Eoin O'Shea takes a look at the UK’s national customs computer system and the technology that might not be Brexit-ready come March 2019. With the UK’s current negotiating position being to leave the EU Customs Union, one of the most important pieces of infrastructure for Irish businesses exporting to the UK (and the EU) post-Brexit will be the UK’s national customs computer system. After Brexit, the UK’s customs system will be handling inward declarations of Irish exports to the UK, as well as handling the transit of Irish goods travelling through the UK and on to mainland Europe. The UK’s National Audit Office has recently published a report on the UK customs computer system’s readiness for Brexit. In 2013, arising from planned changes to EU customs law, HMRC began work to replace its current computer system, CHIEF, with a new one, the Customs Declaration Service (CDS). The new system is due to launch in January 2019 – just two months before the UK is scheduled to leave the EU. The National Audit Office’s review has found that “there is still a significant amount of work to complete, and there is a risk that HMRC will not have the full functionality and scope of CDS in place by March 2019 when the UK plans to leave the EU.”   Despite a year having passed since the Brexit vote, the National Audit Office has said that no changes to the scope of the CDS project have been made, citing the uncertainty surrounding what relationship Britain will have with the EU post Brexit. The current CHIEF system deals with 55 million customs declarations per year; after Brexit, HMRC estimate that the new system will need to be capable of dealing with 255 million declarations – a five-fold increase. It is also estimated that 180,000 traders will, for the first time, be using the UK’s customs declaration system after Brexit. These are big numbers. The preparedness of the UK customs authority for Brexit is set to be one of the main reasons for a transitional period (or, as some Brexiteers call it, an implementation period) between the UK leaving the EU and the EU Customs Union. However, political opinion in the UK appears, at present, to be split on whether or not such a transitional period ought to be negotiated and, if so, how long it should last.  International trade secretary Liam Fox recently stated that obtaining a trade deal with the EU would be “the easiest in human history”. On the other hand, Brexit secretary David Davis told a business conference that certain aspects of his job of steering the UK out of the EU is incredibly complex: “half of my task is running a set of projects that make the NASA moon shot look quite simple.” Work on the UK’s customs computer system will be an important one to watch over the next year or so. Eoin O’Shea FCA is a practising barrister, specialising in commercial and tax law.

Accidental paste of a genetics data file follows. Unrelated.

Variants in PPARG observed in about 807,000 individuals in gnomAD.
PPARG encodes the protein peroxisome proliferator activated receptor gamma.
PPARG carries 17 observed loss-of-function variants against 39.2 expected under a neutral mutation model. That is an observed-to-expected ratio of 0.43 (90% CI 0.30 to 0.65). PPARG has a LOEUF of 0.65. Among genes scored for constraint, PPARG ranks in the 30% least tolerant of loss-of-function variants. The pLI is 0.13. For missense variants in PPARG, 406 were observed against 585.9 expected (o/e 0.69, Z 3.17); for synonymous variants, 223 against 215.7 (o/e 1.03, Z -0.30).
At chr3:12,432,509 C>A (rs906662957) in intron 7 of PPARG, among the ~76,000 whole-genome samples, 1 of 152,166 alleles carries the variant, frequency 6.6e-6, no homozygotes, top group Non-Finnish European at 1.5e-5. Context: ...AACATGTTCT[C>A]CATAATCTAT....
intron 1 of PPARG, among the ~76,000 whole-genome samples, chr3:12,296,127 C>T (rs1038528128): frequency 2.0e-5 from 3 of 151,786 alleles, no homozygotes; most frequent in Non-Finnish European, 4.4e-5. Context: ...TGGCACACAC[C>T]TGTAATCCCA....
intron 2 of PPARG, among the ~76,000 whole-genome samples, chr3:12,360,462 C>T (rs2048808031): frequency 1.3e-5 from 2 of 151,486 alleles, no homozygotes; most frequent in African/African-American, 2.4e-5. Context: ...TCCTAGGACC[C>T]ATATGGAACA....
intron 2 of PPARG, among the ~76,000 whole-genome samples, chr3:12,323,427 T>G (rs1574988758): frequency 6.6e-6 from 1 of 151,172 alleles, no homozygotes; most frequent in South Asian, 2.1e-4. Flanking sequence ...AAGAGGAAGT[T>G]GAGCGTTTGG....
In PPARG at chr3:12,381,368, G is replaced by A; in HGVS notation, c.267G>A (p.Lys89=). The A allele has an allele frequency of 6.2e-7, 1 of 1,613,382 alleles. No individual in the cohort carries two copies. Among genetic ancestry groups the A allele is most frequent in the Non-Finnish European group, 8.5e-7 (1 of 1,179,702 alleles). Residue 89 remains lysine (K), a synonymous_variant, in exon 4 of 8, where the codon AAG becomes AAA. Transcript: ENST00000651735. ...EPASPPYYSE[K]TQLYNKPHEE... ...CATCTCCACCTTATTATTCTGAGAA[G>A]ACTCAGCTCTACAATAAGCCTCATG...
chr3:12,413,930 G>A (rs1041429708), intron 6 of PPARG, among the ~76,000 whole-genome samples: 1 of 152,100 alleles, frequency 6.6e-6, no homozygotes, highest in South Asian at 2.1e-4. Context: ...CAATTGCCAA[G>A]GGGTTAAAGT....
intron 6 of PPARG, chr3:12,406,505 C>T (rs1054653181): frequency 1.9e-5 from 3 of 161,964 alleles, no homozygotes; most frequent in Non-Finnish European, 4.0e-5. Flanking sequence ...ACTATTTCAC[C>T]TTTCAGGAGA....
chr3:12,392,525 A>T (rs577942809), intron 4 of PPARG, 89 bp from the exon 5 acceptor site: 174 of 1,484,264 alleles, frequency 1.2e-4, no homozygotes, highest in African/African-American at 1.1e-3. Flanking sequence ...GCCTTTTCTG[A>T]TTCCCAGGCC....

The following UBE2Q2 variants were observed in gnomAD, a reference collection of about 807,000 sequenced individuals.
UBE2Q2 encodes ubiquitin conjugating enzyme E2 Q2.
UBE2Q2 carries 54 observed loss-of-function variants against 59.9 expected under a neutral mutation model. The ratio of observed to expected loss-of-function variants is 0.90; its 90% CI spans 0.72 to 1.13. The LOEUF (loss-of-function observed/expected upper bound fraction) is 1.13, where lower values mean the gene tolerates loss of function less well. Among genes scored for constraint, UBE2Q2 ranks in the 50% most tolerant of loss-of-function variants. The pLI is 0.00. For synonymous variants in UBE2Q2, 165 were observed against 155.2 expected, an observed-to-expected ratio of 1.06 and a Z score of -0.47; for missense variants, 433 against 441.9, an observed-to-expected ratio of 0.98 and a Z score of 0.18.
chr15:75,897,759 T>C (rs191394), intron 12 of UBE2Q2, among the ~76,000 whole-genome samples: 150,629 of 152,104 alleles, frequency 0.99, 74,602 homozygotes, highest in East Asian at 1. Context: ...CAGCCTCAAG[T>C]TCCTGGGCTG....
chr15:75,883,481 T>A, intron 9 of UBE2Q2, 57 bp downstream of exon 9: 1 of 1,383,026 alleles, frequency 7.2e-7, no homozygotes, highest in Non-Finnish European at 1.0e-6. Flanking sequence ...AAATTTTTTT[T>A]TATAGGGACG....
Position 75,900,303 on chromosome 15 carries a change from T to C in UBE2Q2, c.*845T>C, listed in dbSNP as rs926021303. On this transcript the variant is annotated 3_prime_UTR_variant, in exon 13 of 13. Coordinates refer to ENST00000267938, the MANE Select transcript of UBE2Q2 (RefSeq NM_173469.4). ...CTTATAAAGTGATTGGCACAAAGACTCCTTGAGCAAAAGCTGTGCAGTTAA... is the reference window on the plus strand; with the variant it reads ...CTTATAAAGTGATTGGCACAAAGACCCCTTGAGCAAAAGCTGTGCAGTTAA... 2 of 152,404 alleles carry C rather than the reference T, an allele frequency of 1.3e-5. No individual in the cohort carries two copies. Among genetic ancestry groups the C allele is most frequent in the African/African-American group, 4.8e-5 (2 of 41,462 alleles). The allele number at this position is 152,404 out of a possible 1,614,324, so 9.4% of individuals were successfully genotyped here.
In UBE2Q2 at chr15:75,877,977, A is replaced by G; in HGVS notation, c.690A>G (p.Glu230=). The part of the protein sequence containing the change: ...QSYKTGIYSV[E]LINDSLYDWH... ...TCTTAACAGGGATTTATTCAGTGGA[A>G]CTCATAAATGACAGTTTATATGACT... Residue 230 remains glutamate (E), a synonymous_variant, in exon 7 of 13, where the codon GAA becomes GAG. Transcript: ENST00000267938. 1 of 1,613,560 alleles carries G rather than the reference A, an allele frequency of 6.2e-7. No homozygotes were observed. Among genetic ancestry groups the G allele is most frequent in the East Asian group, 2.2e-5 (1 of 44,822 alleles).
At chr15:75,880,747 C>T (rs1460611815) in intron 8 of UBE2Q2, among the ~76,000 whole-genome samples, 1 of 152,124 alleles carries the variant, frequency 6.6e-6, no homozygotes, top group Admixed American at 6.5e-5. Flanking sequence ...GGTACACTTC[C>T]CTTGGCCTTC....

Nov 17, 2017
News

The Financial reporting Council (FRC) has issued a revision of Practice Note 11: The audit of charities in the United Kingdom. The revisions to Practice Note 11 reflect: Revisions to International Standards on Auditing (UK) (ISAs (UK)); Changes to UK accounting standards (FRS 102) and the revision of the Charities SORP; Continuing developments in regulation and guidance issued by the UK Charity Regulators; and Changes in relevant legislation. The Practice Note has been developed with input from an expert working group comprising audit practitioners, charity regulators, and representatives of charities. The revisions that the FRC has made will support the delivery of high quality audit, and responds to recent well-publicised failings of certain charities that have been investigated by the Public Administration and Constitutional Affairs Select Committee, and the Committee of Public Accounts. An Invitation to Comment was issued in May 2017. The final revised Practice Note reflects the actions that the FRC determined should be taken, having considered the responses received.

Nov 17, 2017
News

The Companies Act 2014 prescribed, for the first time, the qualifications required to take an appointment as a liquidator. While most liquidators are either accountants or solicitors, there were some people who did not fall into either of those categories. If a person had gained relevant experience of winding up companies and knowledge of the law on liquidations before 1 June 2015, they could apply to IAASA for authorisation. The deadline for receipt of applications is 1 December 2017. This route of authorisation will close after this date.  Please see the IAASA website for more information. 

Nov 17, 2017
News